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Coronavirus Bill

Part of the debate – in the House of Commons at 7:40 pm on 23rd March 2020.

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Photo of Imran Hussain Imran Hussain Shadow Minister (Justice) 7:40 pm, 23rd March 2020

There is no doubt in this House that the situation we are facing is unprecedented in living memory. The raft of measures we are debating this afternoon would be unspeakable in any other situation outside wartime, such is the challenge we face.

The Government have my support in implementing measures to help keep us all safe from this hidden enemy. I share the concerns of Opposition Front Benchers about the impact on the self-employed, those who are disabled and frontline NHS staff.

Time not permitting, I will make one point that has been raised with me by a number of constituents about schedule 27, which suspends protections that prevent the cremation of an individual regardless of their wishes or faith. The right to faith and dignity in death is one of our most inalienable rights and one on which we must never compromise. How our physical bodies are handled and treated after our death is a core tenet of all faiths. That is why I wrote to Public Health England some time ago to express my concerns about how the deceased may be handled during this emergency, and why I was alarmed to learn of the measures in the Bill that overrule the right to faith and dignity in death by permitting a local authority to cremate an individual against their wishes.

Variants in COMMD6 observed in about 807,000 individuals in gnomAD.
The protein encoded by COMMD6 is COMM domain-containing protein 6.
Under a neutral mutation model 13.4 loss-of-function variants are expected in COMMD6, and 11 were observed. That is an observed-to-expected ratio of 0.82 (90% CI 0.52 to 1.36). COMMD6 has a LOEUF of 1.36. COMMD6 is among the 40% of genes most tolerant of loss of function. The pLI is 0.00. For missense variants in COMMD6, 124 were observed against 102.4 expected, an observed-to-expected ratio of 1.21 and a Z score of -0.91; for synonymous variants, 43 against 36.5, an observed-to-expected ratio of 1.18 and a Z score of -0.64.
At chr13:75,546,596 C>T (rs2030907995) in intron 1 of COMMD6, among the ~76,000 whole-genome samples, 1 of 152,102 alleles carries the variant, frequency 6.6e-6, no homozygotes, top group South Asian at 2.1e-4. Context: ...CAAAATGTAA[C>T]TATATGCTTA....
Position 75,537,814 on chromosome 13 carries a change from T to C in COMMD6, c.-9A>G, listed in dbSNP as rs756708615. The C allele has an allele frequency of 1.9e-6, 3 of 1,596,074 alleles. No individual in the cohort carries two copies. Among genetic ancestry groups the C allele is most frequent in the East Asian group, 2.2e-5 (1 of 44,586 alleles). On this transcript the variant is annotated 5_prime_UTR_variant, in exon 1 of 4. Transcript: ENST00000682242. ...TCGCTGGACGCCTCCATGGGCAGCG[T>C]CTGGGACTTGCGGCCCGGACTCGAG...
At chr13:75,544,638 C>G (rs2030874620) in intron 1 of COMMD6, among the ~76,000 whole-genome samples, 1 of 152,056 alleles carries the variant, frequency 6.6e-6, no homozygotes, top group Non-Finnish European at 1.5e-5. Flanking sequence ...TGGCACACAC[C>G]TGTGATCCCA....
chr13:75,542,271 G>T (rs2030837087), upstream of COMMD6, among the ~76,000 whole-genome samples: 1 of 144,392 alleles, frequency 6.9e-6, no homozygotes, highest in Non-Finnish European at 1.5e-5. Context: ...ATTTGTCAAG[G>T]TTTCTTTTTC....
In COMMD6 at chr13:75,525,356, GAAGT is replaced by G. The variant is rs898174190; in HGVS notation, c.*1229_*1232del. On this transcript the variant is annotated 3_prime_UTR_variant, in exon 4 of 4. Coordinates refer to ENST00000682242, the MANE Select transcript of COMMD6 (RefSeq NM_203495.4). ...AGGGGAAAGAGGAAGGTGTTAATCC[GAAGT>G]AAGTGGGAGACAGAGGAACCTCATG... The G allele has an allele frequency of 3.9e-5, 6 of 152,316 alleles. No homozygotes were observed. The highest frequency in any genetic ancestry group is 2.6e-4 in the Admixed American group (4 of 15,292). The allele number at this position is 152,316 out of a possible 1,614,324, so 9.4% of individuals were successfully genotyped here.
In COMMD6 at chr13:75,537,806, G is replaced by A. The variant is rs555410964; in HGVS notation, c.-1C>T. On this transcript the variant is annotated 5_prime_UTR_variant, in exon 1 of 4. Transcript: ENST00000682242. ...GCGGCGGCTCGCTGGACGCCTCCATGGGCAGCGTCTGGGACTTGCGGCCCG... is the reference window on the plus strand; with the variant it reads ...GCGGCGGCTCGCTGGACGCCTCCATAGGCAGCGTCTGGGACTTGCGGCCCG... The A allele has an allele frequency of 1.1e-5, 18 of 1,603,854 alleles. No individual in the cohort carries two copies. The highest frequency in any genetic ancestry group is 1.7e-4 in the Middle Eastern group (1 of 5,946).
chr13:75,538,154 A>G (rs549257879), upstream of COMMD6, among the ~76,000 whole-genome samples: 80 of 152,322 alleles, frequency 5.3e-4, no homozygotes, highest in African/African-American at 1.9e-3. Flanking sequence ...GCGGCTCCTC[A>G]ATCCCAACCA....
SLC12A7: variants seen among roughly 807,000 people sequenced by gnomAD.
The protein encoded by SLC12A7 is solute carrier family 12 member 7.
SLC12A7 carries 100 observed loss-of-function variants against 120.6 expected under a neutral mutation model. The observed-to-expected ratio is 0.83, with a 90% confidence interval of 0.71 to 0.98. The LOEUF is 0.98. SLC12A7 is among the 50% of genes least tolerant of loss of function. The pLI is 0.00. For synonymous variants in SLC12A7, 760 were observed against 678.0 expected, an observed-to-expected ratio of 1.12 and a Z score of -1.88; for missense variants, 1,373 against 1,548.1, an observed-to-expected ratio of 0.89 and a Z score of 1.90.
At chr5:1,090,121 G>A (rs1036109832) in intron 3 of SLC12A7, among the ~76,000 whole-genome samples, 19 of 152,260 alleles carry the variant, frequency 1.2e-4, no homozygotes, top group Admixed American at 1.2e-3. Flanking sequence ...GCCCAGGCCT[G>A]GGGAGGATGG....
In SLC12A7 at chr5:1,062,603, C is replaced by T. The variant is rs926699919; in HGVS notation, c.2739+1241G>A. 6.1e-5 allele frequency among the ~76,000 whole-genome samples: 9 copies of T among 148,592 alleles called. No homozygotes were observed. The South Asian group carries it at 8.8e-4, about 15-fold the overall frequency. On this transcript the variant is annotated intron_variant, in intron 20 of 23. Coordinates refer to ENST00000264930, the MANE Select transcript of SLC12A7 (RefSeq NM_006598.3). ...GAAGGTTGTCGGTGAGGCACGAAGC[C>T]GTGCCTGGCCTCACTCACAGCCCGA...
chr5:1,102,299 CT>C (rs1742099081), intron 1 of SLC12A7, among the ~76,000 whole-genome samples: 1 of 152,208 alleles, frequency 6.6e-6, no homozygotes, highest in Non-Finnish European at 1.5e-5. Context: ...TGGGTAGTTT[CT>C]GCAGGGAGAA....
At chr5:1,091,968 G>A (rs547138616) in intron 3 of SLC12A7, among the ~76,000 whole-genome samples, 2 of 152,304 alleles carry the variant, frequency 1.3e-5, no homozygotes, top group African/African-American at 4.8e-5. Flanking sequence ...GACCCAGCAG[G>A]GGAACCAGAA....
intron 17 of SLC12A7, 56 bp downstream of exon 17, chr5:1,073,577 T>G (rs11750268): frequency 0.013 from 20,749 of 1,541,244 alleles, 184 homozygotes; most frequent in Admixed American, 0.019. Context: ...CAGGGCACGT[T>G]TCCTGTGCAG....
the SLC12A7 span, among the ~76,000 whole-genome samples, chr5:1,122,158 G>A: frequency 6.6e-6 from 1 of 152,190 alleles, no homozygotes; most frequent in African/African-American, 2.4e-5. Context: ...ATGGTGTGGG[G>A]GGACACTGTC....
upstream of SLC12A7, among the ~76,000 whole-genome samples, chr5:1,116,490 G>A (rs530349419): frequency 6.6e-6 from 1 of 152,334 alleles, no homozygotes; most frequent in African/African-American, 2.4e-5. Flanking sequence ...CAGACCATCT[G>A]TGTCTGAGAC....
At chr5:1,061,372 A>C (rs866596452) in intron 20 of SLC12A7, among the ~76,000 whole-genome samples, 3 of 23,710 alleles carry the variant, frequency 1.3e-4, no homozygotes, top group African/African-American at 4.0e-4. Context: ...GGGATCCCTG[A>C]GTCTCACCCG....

While I acknowledge that the Government have this afternoon taken a step in the right direction and shown that they are listening to and engaging with faith communities by making it clear in law that faith must be taken into account before a decision on cremation is made, there is still some confusion as the provisions still appear to allow a local authority to cremate an individual against their wishes where there is a lack of capacity, either locally or in the immediate area, for handling the deceased. The Government must this afternoon address that confusion and make it clear that the absolute right to refuse the option of cremation is upheld in their amendment and in Government policy.

The Government must also make clear their commitment to ensuring that all local authorities have sufficient capacity to handle an increased number of deaths. On that point, I pay tribute to the work of Bradford Council over recent days and weeks to build additional capacity to handle deaths in a faith-compliant manner, to ensure that in Bradford we never have to compromise on the right to faith and dignity in death. As the leader of Bradford Council has firmly set out:

“Those of faith where burial is a prerequisite will always have that wish respected, and that will always be Bradford Council’s position in all circumstances.”

I think that point should be put clearly on the record.

In short, our Muslim and Jewish faith communities are rightly concerned about the measures in the Bill and want firm assurances from the Government—assurances I urge the Government to provide today—that they will never compromise the rights to faith and dignity in death. Those are fundamental and absolute rights, and they are non-negotiable.